Where did you get the idea it affects a high number of customers from? BBC watchdog only know of a few - they say it's in the dozens, quite small compared to the millions of gas customers.
    "Now to trolling as a concept. .... Personally, I've always found it a little sad that people choose to spend such a large proportion of their lives in this way but they do, and we have to deal with it." - MSE Forum Manager 6th July 2010
  • filmnoir
    filmnoir Posts: 150 Forumite
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    When you consider that just one of the Big 6 paid a not inconsiderable HALF A BILLION POUNDS for their computer system, you really would have thought that these things could be picked up fairly quickly. Surely it wouldn't be difficult to build-in some sort of figure that represented a massive bill equating to the size of property/neighbourhood average etc. and throw out all the ones that exceeeded that figure for investigation. of course, that wouldn't be in the energy comapny's financial interests.

    True, however the actual process for example to dispute the details on a Gas Meter with the MAM is so complex its quite mind bongling. In some cases the lead time is up to 28 days in NGRID MAM cases to identify inconsitencies.

    Even though you could inbuild thresholds, which there usually are in billing systems the data within the supplier is usually only a small period. Most of the issues only crop up when on a change to a new supplier or meter exchange. All meters now are metric installed in domestic.

    Even though you kow its for a domestic the history shows it to 'technically' be a bigger consumer. And the supplier just cant change it, it has to get the MAM to agree that its wrong. Then you have the issue once rectified the supplier gets the ammended data and readjust the invoices. However fails to update the central records i.e Xoserve for example so on a change of supply again the new supplier gets the old duff data and your back to square one!
    The industry agreed data transfer standard within the Gas is no where on par with the electricity, and thats bad enough! lol

    Mad isnt it!
    "Self trained industry expert who has worked in Electricty Distribution, Electricity & Gas Supply and currently works as an independent consultant in industry processes to particapants in the industry" :eek:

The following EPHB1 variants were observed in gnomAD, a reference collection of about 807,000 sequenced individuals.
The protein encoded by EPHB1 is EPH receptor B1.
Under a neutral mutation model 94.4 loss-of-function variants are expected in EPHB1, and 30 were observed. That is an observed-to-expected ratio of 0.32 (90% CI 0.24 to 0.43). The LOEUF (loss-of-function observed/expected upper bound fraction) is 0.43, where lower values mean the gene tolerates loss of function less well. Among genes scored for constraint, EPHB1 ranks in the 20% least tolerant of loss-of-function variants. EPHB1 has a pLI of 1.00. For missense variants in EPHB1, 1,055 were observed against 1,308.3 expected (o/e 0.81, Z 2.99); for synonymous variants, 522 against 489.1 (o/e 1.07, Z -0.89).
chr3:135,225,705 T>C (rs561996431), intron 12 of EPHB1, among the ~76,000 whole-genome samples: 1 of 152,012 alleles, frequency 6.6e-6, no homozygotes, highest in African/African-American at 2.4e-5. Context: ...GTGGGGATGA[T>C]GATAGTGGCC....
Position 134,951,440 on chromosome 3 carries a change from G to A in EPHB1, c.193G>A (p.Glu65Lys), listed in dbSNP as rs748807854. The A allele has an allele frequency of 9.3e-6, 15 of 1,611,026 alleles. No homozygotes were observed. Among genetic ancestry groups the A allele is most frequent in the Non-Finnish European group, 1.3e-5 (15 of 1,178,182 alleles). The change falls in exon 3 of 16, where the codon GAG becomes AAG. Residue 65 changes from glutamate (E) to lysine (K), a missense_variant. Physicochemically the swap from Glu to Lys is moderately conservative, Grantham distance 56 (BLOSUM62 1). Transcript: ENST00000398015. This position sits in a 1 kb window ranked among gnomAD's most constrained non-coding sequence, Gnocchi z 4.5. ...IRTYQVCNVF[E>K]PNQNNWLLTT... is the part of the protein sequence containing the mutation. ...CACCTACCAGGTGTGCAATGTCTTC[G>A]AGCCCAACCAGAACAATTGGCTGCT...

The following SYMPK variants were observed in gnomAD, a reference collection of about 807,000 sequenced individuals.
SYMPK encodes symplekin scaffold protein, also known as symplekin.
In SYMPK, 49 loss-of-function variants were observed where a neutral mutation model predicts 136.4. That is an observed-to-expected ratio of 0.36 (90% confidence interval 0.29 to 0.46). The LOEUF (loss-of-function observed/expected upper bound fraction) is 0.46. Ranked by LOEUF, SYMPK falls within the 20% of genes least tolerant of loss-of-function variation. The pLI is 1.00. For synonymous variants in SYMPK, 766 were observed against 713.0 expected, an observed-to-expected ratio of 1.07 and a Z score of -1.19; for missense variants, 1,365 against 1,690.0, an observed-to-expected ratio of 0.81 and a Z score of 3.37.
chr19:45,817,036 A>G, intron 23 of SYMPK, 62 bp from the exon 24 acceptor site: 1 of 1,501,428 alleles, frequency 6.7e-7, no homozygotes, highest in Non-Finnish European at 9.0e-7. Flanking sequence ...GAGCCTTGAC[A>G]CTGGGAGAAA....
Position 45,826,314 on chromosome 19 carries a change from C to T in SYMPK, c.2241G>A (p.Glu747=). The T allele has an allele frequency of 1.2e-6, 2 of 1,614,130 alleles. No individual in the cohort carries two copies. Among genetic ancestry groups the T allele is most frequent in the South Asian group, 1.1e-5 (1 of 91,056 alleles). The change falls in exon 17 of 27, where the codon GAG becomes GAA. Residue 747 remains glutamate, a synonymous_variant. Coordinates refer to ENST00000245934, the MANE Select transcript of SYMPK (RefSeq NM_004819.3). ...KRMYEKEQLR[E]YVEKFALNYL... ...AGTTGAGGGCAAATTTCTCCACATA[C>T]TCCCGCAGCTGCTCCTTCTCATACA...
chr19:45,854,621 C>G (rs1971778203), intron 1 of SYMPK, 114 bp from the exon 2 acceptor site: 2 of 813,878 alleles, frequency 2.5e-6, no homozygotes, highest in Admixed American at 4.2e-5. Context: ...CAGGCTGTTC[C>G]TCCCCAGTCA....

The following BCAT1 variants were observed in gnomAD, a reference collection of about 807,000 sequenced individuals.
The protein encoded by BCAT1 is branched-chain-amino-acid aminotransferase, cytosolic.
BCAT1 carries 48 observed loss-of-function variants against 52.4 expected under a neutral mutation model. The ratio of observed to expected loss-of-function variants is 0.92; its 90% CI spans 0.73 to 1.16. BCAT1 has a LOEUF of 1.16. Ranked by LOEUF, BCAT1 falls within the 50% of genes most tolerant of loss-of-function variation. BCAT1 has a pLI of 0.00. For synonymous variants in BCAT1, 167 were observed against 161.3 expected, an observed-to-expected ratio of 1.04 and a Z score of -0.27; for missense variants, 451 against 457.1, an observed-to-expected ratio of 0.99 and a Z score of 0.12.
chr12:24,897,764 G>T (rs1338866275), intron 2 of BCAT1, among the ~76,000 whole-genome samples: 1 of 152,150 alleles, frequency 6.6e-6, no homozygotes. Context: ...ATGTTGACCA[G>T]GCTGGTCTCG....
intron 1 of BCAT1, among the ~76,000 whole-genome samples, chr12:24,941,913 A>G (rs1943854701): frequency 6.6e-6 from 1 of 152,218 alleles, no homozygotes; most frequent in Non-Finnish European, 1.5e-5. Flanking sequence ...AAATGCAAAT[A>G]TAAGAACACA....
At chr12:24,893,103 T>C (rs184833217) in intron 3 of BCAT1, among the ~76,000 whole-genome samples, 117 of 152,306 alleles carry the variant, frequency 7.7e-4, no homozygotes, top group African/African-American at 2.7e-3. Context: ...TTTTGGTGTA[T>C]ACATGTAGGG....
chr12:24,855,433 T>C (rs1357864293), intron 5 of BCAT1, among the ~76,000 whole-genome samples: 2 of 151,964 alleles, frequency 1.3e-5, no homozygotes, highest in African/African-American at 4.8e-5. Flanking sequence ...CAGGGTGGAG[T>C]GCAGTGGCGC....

• KimYeovil
    KimYeovil Posts: 6,156 Forumite
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    Cardew wrote: »
    Well you don't have a problem - they might charge you 2.83 times too little;)

    It is the other way around that is the problem!!

    No it's not.

    I'd say underpaying is a much bigger problem with worse consequences for most customers than overpaying! Having years and years of overpayments returned in one lump sum is less of a problem than discovering you have twelve months underpayments to pay back (if you are even covered by the twelve month limitation.)
  • Cardew
    Cardew Posts: 29,038 Forumite
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    KimYeovil wrote: »
    No it's not.

    I'd say underpaying is a much bigger problem with worse consequences for most customers than overpaying! Having years and years of overpayments returned in one lump sum is less of a problem than discovering you have twelve months underpayments to pay back (if you are even covered by the twelve month limitation.)

    My point was if you "are watching at the new place"(as the poster stated) you will be aware of the undercharging and can set aside the money.

    In any case where firms have made a mistake they inevitably give a substantial reduction on the outstanding amount.